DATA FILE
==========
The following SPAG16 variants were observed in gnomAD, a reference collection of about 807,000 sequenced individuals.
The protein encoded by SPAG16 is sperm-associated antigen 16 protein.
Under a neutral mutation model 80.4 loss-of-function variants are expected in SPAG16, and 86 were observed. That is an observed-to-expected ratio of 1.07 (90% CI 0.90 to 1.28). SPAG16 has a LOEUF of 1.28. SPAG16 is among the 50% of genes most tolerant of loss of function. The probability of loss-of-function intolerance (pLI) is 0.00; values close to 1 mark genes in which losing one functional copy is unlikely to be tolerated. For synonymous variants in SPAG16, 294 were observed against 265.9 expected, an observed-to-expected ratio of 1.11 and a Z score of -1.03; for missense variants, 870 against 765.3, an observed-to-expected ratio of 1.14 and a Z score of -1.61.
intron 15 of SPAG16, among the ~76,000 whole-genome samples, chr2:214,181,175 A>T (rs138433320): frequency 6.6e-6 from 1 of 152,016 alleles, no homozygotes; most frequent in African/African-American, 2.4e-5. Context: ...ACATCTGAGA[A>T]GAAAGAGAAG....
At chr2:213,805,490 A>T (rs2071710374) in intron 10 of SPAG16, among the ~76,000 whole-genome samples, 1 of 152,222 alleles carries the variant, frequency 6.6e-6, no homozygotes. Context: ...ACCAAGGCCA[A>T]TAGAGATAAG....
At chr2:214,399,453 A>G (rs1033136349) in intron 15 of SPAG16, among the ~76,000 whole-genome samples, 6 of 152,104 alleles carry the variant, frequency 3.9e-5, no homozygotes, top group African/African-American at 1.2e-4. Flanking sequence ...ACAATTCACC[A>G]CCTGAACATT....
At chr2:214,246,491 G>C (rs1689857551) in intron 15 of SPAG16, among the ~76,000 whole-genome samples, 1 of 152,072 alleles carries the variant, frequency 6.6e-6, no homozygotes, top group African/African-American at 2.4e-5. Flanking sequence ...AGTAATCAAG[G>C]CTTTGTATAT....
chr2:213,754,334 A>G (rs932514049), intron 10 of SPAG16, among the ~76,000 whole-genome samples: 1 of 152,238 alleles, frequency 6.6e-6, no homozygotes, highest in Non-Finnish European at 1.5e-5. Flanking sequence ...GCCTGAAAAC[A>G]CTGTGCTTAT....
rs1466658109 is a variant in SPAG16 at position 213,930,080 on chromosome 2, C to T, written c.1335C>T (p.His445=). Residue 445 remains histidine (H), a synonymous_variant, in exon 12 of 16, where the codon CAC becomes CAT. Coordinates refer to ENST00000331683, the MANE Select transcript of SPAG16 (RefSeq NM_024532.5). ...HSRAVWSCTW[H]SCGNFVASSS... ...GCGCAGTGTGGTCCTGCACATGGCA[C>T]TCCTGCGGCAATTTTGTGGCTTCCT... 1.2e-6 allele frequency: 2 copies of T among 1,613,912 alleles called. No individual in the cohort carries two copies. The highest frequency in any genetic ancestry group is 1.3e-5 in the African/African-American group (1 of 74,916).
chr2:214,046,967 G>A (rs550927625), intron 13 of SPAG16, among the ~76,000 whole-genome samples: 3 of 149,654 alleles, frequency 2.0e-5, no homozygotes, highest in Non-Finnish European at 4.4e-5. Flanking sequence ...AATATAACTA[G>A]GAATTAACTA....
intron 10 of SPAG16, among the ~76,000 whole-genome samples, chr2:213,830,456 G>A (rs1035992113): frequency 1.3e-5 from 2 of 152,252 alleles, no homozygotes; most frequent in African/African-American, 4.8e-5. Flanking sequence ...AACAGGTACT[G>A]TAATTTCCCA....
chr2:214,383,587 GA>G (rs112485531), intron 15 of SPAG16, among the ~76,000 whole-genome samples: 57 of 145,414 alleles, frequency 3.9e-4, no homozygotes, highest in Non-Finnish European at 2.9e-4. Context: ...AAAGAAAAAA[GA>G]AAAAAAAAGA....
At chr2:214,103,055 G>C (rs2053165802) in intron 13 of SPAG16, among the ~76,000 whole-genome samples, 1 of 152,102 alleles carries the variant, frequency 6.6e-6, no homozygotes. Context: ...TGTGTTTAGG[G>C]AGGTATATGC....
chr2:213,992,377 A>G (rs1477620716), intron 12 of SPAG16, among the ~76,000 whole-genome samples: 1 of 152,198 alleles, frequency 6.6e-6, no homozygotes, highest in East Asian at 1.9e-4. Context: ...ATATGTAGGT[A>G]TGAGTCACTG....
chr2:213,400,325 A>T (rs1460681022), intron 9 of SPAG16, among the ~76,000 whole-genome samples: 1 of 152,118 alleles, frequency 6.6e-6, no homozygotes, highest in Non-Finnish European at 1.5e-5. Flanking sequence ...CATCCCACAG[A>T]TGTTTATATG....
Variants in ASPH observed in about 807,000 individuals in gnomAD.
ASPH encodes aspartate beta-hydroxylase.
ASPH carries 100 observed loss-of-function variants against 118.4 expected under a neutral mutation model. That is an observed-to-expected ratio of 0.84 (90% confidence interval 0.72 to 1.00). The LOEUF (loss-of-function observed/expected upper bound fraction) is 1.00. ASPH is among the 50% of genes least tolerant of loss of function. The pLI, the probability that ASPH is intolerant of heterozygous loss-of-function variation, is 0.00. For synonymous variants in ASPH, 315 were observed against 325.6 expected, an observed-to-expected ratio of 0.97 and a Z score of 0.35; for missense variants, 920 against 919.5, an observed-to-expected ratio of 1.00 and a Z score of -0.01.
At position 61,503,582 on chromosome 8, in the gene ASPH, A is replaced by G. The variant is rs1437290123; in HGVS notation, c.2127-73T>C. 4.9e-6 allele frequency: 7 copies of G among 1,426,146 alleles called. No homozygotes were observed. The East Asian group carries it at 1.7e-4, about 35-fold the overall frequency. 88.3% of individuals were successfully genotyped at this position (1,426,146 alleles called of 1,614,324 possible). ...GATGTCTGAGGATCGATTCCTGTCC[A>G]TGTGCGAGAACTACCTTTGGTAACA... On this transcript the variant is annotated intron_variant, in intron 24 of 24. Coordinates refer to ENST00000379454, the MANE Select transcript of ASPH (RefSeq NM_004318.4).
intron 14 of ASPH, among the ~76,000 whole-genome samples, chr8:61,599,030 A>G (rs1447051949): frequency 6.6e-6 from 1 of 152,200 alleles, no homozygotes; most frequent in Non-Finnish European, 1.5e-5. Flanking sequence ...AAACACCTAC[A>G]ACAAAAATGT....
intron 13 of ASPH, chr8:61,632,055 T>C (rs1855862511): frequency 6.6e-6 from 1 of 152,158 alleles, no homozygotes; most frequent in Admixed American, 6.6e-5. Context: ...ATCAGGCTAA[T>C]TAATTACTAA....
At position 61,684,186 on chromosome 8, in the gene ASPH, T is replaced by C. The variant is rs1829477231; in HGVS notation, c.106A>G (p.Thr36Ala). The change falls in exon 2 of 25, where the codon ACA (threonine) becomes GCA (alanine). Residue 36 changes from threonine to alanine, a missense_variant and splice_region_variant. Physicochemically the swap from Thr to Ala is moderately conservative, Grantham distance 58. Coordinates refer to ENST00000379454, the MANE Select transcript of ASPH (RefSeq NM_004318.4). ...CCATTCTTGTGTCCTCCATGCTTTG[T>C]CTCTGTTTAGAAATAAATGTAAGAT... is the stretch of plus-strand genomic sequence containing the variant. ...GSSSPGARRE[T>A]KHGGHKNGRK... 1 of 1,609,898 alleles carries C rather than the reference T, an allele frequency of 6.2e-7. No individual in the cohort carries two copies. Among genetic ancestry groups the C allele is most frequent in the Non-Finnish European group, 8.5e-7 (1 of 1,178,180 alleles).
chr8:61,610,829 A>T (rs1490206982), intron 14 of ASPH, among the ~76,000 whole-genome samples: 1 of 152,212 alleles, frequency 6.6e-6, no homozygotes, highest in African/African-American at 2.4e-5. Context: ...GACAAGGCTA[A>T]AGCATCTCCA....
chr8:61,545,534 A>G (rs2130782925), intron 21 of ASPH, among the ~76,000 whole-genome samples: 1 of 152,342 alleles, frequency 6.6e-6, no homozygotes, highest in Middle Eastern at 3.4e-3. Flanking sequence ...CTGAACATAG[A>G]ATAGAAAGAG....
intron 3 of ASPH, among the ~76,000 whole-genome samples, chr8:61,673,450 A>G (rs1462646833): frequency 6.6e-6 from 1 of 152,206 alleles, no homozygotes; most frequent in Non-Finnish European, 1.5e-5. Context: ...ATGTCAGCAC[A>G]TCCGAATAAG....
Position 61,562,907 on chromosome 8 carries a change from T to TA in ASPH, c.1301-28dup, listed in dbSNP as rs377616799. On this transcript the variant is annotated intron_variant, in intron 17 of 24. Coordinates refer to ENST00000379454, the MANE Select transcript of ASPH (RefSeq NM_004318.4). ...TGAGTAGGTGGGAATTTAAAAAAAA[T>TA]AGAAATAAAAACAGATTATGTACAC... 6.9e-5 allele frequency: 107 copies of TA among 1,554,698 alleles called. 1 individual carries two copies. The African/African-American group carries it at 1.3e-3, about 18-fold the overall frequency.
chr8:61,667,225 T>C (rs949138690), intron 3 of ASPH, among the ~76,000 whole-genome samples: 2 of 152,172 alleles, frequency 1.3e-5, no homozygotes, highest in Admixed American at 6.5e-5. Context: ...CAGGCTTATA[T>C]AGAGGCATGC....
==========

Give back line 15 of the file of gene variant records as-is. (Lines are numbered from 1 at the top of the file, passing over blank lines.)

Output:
chr2:213,400,325 A>T (rs1460681022), intron 9 of SPAG16, among the ~76,000 whole-genome samples: 1 of 152,118 alleles, frequency 6.6e-6, no homozygotes, highest in Non-Finnish European at 1.5e-5. Flanking sequence ...CATCCCACAG[A>T]TGTTTATATG....